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Opinion Northwest

Join the informed writers of The Times' editorial board in lively discussions at our blog, Opinion Northwest.

May 22, 2013 at 12:44 PM

Do not exploit gay rights issue to stop immigration reform

The U.S. Senate is on the verge of debating comprehensive immigration reform, and there are signs Republicans and Democrats are cooperating to finally pass a substantial bill.  The Senate Judiciary Committee’s 13-5 decision Monday to send the measure to the floor is a big deal, and though I support equal rights for same-sex couples (and this board advocates enthusiastically for same-sex marriage), now is not the time for any special interest groups to exploit an emotional issue that risks killing the entire legislation.

Protesters make themselves heard in front of Sen. Marco Rubio's (R-FL) office on May 22, 2013 in Doral, Florida. The protesters are asking Rubio to stop opposing the inclusion of lesbian, gay, bisexual and transgender (LGBT) families in the Senate's comprehensive immigration reform bill. (Photo by Joe Raedle/Getty Images)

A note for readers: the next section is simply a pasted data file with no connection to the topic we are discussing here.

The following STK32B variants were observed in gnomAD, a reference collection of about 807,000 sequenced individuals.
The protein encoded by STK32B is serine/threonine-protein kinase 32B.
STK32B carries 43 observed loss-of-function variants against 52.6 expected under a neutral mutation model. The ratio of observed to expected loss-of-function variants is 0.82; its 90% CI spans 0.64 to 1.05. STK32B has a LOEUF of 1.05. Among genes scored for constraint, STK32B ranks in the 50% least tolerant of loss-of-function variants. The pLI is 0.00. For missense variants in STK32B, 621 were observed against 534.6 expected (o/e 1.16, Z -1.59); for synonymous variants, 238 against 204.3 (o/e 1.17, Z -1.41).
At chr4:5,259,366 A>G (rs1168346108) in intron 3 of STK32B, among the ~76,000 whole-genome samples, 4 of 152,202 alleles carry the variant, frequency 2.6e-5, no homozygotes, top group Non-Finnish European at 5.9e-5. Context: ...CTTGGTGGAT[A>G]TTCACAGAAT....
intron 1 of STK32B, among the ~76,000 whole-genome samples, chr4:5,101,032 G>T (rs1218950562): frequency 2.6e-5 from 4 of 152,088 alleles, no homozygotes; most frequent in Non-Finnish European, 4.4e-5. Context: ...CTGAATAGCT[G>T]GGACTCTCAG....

Protesters make themselves heard in front of Sen. Marco Rubio’s (R-FL) office on May 22, 2013 in Doral, Florida. The protesters are asking Rubio to stop opposing the inclusion of lesbian, gay, bisexual and transgender (LGBT) families in the Senate’s comprehensive immigration reform bill. (Photo by Joe Raedle/Getty Images)

Here’s an Associated Press story outlining the sweeping  changes in the proposal. In general, the bill provides a pathway to citizenship for 11 million undocumented immigrants and a legal means for foreign workers of all skills levels to cross the border. The measure was in limbo for days over a proposed amendment that would have granted gay Americans the right to obtain a green card for their foreign-born partners. Some Republicans call the idea a “non-starter.”

I think that view is antiquated and totally unfair, but we have to deal with the issue before us. Comprehensive immigration reform needs the support of both parties to get anywhere. As the editorial board noted in April 10 and April 20 editorials, it’s taken nearly three decades to reach this point.

Focusing on making immigration laws more effective doesn’t mean we have to sweep the struggles of same-sex couples under the rug. It means we should simultaneously look at changing the federal government’s Defense of Marriage Act. Repealing DOMA would make this controversy over granting visas to foreign-born partners a non-issue. The Supreme Court is expected to weigh in any day now.

Not an ideal solution, but a pragmatic one that will — eventually — satisfy everyone.

Comments | Topics: congress, defense of marriage, DOMA

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